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A Compromise to the Versioning Debate

From: Lachlan Hunt <lachlan.hunt@lachy.id.au>
Date: Sun, 15 Apr 2007 16:20:23 +1000
Message-ID: <4621C427.7080605@lachy.id.au>
To: public-html@w3.org

Hi Chris,
   I do not think you are inherently evil.  The effort you put into 
making IE7 more standards compliant proved that your intentions were 
good; and the web standards community largely applauded your effort at 
the time.

During Microsoft's development of IE7, some design choices were made 
that unnecessarily resulted in some unfortunate incompatibilities.  For 
example, you fixed the * html filter, but you didn't fix the limitations 
for which it was widely used.  Thus, pages that still needed to have 
those patches applied no-longer did, and things broke.

In other words, you forced pages that used well-documented and widely 
deployed hacks, to be changed.  Hacks that were designed in the hope 
that when you introduced more standards compliant behaviour, you would 
take away the dependence on those hacks.  Things could have gone better 
if you had fixed the limitations as well as the filters, but, for 
whatever reason, you were unable to do so.

Many of us feel that your proposed solution is set to repeat mistakes 
again, and again, and again, indefinitely!  You already admitted that it 
is prohibitively expensive for Microsoft to maintain compatibility with 
legacy office suite versions.  Yet you're willing to do *the same thing* 
with HTML?

Your plans, if you go ahead with them, will create a vendor-lock-in 
situation where every single browser now and in the future will be 
inherently forced to reverse engineer every single one of your 
frozen-bug-states that you introduce with every new browser version. 
That is unacceptable.

It has become clear that you place backwards compatibility above 
interoperability.  But they do not necessarily have to be mutually 
exclusive goals.  In an ideal world, what we spec would be 100% 
backwards compatible and 100% interoperably implemented.  But we have 
find a balance between interoperability for the future and backwards 
compatibility with the past.

So I'm hoping, that by appealing to your sense of reasoning, we can find 
such a balance that we, while not necessarily fully agreeing, can at 
least live with.

Web developers *do not* want to be forced to develop with an infinite 
number of frozen-bug states in the future.  Plenty of authors have 
enough trouble trying to understand why changing or removing the DOCTYPE 
can result in completely different rendering and behaviour of scripts, 
and that won't be improved by introducing more modes.

Unfortunately, you have already made it clear that we have no choice in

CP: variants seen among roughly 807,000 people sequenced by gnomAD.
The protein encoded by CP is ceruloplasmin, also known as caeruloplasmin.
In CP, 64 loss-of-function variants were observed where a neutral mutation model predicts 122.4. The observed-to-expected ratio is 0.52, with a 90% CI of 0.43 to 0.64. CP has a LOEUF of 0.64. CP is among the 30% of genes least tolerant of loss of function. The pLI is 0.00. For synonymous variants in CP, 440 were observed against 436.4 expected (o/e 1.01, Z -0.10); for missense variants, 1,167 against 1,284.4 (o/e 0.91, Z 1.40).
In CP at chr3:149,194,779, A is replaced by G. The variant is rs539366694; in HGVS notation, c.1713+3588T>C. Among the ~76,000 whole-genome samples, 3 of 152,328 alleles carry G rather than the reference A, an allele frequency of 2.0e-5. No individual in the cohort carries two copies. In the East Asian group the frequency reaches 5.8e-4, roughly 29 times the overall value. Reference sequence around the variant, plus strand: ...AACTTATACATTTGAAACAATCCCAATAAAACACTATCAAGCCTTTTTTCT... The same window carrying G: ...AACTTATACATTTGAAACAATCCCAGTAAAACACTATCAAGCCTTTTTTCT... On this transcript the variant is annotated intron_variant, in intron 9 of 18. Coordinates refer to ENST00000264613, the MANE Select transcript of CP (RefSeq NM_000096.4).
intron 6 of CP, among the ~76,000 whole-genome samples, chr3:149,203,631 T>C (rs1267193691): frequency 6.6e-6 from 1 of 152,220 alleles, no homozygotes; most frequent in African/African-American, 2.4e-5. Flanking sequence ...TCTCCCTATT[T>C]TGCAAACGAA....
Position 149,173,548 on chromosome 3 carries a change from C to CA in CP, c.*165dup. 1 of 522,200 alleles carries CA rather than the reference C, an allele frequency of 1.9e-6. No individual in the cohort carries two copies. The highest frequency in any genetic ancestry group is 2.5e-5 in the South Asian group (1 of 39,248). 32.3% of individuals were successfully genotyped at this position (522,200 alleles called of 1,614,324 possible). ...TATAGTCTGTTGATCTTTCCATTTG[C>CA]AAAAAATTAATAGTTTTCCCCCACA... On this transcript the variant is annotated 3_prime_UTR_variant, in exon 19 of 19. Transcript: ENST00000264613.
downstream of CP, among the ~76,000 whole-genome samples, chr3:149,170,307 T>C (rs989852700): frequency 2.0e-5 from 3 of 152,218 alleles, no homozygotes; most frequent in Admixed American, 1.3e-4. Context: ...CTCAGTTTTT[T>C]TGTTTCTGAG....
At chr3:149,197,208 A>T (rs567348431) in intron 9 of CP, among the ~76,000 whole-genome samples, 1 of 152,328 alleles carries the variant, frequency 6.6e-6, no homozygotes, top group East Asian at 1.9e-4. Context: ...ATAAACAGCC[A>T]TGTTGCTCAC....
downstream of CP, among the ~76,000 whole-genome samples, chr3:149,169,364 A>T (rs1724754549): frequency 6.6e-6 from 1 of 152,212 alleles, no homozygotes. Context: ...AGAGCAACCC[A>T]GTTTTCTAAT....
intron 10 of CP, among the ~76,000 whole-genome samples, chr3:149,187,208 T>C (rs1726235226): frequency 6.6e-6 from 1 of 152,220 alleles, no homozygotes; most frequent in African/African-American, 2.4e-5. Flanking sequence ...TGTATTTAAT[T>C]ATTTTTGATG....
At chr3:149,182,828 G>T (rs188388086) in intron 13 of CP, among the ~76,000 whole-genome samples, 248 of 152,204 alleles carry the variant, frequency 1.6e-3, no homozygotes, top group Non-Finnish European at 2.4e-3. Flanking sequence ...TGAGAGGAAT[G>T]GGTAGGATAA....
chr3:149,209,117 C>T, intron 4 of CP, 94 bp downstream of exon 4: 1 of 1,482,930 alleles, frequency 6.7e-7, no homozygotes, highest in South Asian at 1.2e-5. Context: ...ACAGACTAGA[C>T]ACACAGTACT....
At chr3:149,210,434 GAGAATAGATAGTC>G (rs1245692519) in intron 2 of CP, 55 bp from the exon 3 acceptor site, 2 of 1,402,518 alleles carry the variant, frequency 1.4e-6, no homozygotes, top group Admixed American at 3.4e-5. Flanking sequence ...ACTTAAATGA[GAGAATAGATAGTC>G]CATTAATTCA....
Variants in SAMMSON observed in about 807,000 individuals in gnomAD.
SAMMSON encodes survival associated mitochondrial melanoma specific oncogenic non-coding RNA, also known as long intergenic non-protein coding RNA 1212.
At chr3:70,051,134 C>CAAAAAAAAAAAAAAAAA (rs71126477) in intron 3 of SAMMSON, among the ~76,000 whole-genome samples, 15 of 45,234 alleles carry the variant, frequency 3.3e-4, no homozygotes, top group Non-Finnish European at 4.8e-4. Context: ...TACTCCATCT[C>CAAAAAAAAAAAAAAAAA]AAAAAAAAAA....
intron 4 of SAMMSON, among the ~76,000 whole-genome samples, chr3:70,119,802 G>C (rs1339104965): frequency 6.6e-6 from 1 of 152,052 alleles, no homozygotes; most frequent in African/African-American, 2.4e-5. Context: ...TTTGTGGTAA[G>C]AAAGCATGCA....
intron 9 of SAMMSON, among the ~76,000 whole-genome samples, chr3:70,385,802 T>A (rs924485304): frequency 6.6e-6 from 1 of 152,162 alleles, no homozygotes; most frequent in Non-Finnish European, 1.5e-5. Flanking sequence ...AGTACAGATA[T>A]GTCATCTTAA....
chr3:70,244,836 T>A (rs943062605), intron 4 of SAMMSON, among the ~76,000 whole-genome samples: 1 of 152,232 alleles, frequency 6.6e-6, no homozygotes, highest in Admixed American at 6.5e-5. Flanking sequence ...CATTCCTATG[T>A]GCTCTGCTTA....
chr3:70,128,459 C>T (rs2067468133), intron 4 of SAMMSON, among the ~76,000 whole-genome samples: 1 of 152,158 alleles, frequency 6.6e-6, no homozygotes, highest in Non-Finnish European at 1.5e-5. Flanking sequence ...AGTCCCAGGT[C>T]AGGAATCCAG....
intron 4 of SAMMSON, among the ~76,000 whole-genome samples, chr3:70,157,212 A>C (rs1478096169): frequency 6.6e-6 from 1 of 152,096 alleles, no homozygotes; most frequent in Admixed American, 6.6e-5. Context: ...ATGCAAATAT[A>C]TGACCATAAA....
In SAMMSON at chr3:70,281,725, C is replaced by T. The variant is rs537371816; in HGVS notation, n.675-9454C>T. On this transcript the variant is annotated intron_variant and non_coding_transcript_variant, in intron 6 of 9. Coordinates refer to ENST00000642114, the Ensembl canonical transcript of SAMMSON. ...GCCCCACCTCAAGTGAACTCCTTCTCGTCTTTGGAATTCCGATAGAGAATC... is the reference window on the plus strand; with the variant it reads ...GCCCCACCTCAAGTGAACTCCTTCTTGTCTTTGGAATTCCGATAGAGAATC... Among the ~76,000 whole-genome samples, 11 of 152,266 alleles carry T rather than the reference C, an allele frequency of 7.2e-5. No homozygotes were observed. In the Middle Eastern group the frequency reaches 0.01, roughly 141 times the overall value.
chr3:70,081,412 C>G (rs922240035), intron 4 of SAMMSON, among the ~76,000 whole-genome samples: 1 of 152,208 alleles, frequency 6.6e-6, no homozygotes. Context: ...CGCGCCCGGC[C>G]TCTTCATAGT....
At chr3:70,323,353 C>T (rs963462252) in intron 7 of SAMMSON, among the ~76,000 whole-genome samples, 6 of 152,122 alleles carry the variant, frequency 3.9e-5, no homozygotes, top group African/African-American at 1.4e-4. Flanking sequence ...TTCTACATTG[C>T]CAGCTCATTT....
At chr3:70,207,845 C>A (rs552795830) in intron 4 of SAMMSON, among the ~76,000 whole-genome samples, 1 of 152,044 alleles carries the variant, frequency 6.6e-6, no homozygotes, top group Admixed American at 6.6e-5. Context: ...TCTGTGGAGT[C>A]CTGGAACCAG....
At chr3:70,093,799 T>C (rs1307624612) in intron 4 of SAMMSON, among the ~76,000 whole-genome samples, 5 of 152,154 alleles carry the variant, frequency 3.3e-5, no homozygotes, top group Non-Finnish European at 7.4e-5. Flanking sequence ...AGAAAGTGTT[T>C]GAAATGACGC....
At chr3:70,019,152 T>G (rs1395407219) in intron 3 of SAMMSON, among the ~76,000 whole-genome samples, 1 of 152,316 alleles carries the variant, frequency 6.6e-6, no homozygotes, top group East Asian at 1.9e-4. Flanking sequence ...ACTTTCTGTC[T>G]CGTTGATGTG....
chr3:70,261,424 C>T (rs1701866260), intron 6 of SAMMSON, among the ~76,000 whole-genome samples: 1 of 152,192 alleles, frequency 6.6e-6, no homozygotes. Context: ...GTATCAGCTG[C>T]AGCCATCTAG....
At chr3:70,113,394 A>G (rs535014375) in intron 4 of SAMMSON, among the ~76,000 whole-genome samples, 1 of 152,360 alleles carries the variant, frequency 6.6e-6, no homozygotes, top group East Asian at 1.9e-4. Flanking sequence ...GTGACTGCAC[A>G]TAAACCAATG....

existing DOCTYPEs triggering IE7 mode from now on.  So whether we like 
it or not, you're forcing us to live with that decision.  Although it 
really is unacceptably repeating a past mistake, continuing to argue 
with you about it seems futile.

If you must, it's practical for you to go ahead and make <!DOCTYPE html> 
trigger full standards mode for future documents, leaving existing docs 
in IE7 mode.

But it is not only unacceptable for you to repeat that mistake and force 
it upon us again and again in the future every single time you release a 
new browser, it becomes exponentially worse as time goes on and more 
modes are added.

Authors must not be *forced* to learn a new opt-in every single time you 
release a new browser.  There are plenty of authors, including myself 
and many that I have spoken to, who want and *need* a way to trigger 
full standards mode now and in the future, with all future browser versions.

Give authors the choice.  Let those authors who wish to lock themselves 
into a particular IE-frozen-bug-state specifically opt-in to using that 
version.  But let the rest of us who want to make an informed decision 
to always use the *latest* standards mode do so.  Don't force us to be 
locked in to a frozen bug state that we don't want.

So here's my suggestion.  It's not an ideal solution, but I, and I think 
others, could live with it given that the alternative you're proposing 
is far, far worse.  In other words, this is the lesser of two evils.

Make <!DOCTYPE html> *always* trigger the latest standards mode, unless 
accompanied by an explicit switch.

e.g.

<!DOCTYPE html>
<!--[mode = IE8]-->
<html>
...

It doesn't really matter what syntax you use for it.  Those of us who 
choose to use <!DOCTYPE html> and explicitly omit the switch are taking 
the risk upon ourselves that something may break with a future release. 
  Those who choose to use the switch are explicitly accepting the 
continued use of IE[n] bugs.

The advantage of this approach is it not only gives the authors a choice 
when they write the page, but in the event that they had omitted the 
switch and something does break, it gives them a quick and easy fix to 
get the site working until a more long term, standards compliant 
solution can be deployed.

Please, I urge you, do not *force* authors to accept your decisions in 
ways they don't want.  We are competent enough to make informed 
decisions for ourselves, so let us do so.  Let us choose to be free from 
vendor-lock-in.

-- 
Lachlan Hunt
http://lachy.id.au/
Received on Sunday, 15 April 2007 06:20:49 UTC

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